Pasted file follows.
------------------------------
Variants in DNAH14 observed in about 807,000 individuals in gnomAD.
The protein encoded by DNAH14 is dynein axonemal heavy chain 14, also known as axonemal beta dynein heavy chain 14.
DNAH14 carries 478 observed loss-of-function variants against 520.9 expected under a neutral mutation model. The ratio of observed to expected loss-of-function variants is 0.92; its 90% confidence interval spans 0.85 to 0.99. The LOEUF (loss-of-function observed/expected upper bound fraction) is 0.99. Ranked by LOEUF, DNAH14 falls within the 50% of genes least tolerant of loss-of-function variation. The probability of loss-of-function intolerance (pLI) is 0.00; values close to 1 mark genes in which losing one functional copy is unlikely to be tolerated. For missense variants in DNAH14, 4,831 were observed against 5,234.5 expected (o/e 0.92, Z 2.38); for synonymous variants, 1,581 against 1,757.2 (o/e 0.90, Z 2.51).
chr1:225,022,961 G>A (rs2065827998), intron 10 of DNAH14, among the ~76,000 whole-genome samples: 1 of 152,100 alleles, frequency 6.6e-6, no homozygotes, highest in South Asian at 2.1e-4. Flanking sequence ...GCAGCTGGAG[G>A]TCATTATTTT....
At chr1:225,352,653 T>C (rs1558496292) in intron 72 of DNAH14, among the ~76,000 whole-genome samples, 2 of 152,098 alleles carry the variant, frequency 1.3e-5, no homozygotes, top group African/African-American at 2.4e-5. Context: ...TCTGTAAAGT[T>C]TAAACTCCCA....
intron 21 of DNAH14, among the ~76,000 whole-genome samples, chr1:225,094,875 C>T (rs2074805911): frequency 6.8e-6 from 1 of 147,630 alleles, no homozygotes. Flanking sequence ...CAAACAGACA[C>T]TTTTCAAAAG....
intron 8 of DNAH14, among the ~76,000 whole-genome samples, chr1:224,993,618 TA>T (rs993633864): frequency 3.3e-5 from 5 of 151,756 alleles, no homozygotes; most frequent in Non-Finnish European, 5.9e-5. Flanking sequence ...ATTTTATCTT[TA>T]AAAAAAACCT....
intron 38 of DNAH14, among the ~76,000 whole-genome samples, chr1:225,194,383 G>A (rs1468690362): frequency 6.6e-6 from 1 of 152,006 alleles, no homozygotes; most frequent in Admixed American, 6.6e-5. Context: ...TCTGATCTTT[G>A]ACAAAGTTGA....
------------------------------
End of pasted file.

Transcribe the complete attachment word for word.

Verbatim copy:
Variants in DNAH14 observed in about 807,000 individuals in gnomAD.
The protein encoded by DNAH14 is dynein axonemal heavy chain 14, also known as axonemal beta dynein heavy chain 14.
DNAH14 carries 478 observed loss-of-function variants against 520.9 expected under a neutral mutation model. The ratio of observed to expected loss-of-function variants is 0.92; its 90% confidence interval spans 0.85 to 0.99. The LOEUF (loss-of-function observed/expected upper bound fraction) is 0.99. Ranked by LOEUF, DNAH14 falls within the 50% of genes least tolerant of loss-of-function variation. The probability of loss-of-function intolerance (pLI) is 0.00; values close to 1 mark genes in which losing one functional copy is unlikely to be tolerated. For missense variants in DNAH14, 4,831 were observed against 5,234.5 expected (o/e 0.92, Z 2.38); for synonymous variants, 1,581 against 1,757.2 (o/e 0.90, Z 2.51).
chr1:225,022,961 G>A (rs2065827998), intron 10 of DNAH14, among the ~76,000 whole-genome samples: 1 of 152,100 alleles, frequency 6.6e-6, no homozygotes, highest in South Asian at 2.1e-4. Flanking sequence ...GCAGCTGGAG[G>A]TCATTATTTT....
At chr1:225,352,653 T>C (rs1558496292) in intron 72 of DNAH14, among the ~76,000 whole-genome samples, 2 of 152,098 alleles carry the variant, frequency 1.3e-5, no homozygotes, top group African/African-American at 2.4e-5. Context: ...TCTGTAAAGT[T>C]TAAACTCCCA....
intron 21 of DNAH14, among the ~76,000 whole-genome samples, chr1:225,094,875 C>T (rs2074805911): frequency 6.8e-6 from 1 of 147,630 alleles, no homozygotes. Flanking sequence ...CAAACAGACA[C>T]TTTTCAAAAG....
intron 8 of DNAH14, among the ~76,000 whole-genome samples, chr1:224,993,618 TA>T (rs993633864): frequency 3.3e-5 from 5 of 151,756 alleles, no homozygotes; most frequent in Non-Finnish European, 5.9e-5. Flanking sequence ...ATTTTATCTT[TA>T]AAAAAAACCT....
intron 38 of DNAH14, among the ~76,000 whole-genome samples, chr1:225,194,383 G>A (rs1468690362): frequency 6.6e-6 from 1 of 152,006 alleles, no homozygotes; most frequent in Admixed American, 6.6e-5. Context: ...TCTGATCTTT[G>A]ACAAAGTTGA....